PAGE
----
In mid November the biopharma industry was shocked by the announcement from Geron that they were ending work on embryonic stem cell research and therapy. For more than 10 years the public image of all stem cell research has been equated with embryonic stem cells. Unfortunately, a fundamentally important medical and financial fact was being ignored: embryonic stem cell therapy is extremely immature. In parallel to efforts in embryonic stem cell research and development, scientists and physicians in the field of adult stem cells realized that the natural role of adult stem cells in the body is to promote healing and to act like endogenous "repair cells" and, as a result, numerous companies have entered the field of adult stem cell therapy with the goal of expanding numbers of adult stem cells for administration to patients with various conditions. In contrast to embryonic stem cells, which are extremely expensive and potentially dangerous, adult cell cells are inexpensive and have an excellent safety record when used in humans. Many studies are now showing that adult stem cells are practical, patient-applicable, therapeutics that are very close to being available for incorporation into the practice of medicine. These events signal the entrance of the field of stem cells into a new era: an era where hype and misinformation no longer triumph over economic and medical realities.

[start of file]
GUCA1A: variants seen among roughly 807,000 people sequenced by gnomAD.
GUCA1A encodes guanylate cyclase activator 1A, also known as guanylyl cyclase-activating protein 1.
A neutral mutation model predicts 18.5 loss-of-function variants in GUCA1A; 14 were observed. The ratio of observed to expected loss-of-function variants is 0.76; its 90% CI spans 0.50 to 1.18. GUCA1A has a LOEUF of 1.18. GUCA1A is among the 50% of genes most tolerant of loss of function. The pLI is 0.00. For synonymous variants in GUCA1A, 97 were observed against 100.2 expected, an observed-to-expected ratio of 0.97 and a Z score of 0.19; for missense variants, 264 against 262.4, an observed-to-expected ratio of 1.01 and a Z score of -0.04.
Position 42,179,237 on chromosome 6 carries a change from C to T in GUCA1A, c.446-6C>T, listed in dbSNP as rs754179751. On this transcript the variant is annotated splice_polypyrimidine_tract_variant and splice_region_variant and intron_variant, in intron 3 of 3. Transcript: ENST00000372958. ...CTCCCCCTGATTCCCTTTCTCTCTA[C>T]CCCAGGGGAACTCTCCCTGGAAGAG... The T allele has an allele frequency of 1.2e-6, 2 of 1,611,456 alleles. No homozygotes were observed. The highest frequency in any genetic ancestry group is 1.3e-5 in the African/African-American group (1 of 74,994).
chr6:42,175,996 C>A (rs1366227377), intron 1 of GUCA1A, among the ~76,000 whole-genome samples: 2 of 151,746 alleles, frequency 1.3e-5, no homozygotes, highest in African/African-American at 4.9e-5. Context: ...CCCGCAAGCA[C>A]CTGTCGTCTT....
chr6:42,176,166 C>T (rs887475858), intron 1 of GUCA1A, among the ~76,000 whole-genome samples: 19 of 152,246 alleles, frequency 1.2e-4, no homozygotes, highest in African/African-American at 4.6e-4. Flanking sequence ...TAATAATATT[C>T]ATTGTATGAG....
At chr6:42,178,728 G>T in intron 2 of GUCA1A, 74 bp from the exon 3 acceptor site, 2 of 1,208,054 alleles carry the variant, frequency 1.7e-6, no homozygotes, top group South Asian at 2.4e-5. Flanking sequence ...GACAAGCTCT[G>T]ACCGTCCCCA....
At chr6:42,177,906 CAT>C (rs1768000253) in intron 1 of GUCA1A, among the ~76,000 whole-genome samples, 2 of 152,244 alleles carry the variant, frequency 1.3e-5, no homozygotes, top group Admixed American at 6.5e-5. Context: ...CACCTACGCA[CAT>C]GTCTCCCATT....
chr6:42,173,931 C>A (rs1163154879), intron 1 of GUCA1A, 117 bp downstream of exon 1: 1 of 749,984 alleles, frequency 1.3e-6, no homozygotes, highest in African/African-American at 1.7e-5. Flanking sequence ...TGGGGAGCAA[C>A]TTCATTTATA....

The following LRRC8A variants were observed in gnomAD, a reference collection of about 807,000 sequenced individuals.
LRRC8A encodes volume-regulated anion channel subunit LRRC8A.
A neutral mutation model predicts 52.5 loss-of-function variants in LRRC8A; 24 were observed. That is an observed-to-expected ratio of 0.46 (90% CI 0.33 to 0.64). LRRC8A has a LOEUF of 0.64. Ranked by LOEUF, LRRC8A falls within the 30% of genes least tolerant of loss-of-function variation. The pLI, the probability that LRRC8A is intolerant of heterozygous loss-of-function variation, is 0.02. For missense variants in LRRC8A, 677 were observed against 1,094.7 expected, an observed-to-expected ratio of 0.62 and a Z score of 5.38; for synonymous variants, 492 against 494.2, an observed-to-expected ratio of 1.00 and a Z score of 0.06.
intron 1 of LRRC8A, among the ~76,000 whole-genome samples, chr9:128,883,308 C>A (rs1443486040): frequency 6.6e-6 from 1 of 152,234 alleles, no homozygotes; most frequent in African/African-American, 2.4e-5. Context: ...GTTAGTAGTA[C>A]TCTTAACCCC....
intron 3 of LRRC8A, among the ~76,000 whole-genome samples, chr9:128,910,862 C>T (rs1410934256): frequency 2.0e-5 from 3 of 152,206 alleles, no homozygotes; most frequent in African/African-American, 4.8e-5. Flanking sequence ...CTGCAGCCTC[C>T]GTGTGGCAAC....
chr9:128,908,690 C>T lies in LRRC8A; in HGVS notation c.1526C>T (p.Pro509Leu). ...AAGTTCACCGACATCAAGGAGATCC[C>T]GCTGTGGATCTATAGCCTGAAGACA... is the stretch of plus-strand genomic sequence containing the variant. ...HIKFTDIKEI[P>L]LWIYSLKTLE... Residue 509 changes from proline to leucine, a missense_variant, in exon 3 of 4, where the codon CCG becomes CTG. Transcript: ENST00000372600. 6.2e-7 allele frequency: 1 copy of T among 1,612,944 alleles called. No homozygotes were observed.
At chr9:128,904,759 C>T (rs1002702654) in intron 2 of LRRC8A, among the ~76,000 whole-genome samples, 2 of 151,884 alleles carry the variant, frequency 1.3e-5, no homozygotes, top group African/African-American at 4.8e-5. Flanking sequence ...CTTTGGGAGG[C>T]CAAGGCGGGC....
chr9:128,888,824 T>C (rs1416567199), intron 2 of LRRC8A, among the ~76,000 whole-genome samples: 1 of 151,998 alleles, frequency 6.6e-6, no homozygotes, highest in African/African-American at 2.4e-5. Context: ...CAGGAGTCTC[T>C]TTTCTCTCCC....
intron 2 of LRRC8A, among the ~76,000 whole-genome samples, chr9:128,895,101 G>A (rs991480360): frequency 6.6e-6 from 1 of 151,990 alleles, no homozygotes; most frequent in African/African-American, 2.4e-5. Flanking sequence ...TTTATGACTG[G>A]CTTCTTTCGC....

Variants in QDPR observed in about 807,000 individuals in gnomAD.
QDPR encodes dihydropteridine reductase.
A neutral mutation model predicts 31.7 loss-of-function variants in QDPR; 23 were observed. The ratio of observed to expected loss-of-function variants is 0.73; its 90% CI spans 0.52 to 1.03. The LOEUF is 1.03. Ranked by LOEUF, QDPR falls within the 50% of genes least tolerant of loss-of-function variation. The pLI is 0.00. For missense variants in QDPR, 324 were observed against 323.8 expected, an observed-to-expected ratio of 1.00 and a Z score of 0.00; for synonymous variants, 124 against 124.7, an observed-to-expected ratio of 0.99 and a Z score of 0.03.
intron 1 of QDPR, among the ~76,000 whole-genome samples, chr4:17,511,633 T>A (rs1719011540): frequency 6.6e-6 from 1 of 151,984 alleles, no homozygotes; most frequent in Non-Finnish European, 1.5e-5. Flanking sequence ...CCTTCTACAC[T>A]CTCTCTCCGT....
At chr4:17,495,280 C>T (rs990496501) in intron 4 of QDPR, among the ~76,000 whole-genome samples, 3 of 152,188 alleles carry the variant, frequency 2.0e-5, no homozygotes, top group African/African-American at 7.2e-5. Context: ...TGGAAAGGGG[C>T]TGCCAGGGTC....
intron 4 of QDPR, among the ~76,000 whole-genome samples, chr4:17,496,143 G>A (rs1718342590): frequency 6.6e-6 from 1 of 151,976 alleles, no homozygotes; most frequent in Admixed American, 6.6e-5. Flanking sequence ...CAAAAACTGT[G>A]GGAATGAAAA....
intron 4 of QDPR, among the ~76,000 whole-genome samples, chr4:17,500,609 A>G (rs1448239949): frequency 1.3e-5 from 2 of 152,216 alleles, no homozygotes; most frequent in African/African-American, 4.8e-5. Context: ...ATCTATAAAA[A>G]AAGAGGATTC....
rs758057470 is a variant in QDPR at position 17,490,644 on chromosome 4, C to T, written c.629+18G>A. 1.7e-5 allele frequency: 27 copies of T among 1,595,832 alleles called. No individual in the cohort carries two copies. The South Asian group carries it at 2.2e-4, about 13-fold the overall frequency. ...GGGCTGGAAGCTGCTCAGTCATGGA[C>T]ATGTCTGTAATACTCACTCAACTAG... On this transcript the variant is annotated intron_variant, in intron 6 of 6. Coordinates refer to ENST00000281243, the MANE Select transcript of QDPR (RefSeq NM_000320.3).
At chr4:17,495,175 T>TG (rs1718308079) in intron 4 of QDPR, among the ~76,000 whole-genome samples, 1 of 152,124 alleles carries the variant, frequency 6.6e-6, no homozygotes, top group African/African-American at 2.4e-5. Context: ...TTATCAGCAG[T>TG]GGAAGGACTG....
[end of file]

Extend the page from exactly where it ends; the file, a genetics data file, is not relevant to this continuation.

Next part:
18. Structural phenotyping of stem cell-derived cardiomyocytes.

    PubMed

    Pasqualini, Francesco Silvio; Sheehy, Sean Paul; Agarwal, Ashutosh; Aratyn-Schaus, Yvonne; Parker, Kevin Kit

    2015-03-10

    Structural phenotyping based on classical image feature detection has been adopted to elucidate the molecular mechanisms behind genetically or pharmacologically induced changes in cell morphology. Here, we developed a set of 11 metrics to capture the increasing sarcomere organization that occurs intracellularly during striated muscle cell development. To test our metrics, we analyzed the localization of the contractile protein α-actinin in a variety of primary and stem-cell derived cardiomyocytes. Further, we combined these metrics with data mining algorithms to unbiasedly score the phenotypic maturity of human-induced pluripotent stem cell-derived cardiomyocytes. Copyright © 2015 The Authors. Published by Elsevier Inc. All rights reserved.

  19. Brain stem hypoplasia associated with Cri-du-Chat syndrome.

    PubMed

    Hong, Jin Ho; Lee, Ha Young; Lim, Myung Kwan; Kim, Mi Young; Kang, Young Hye; Lee, Kyung Hee; Cho, Soon Gu

    2013-01-01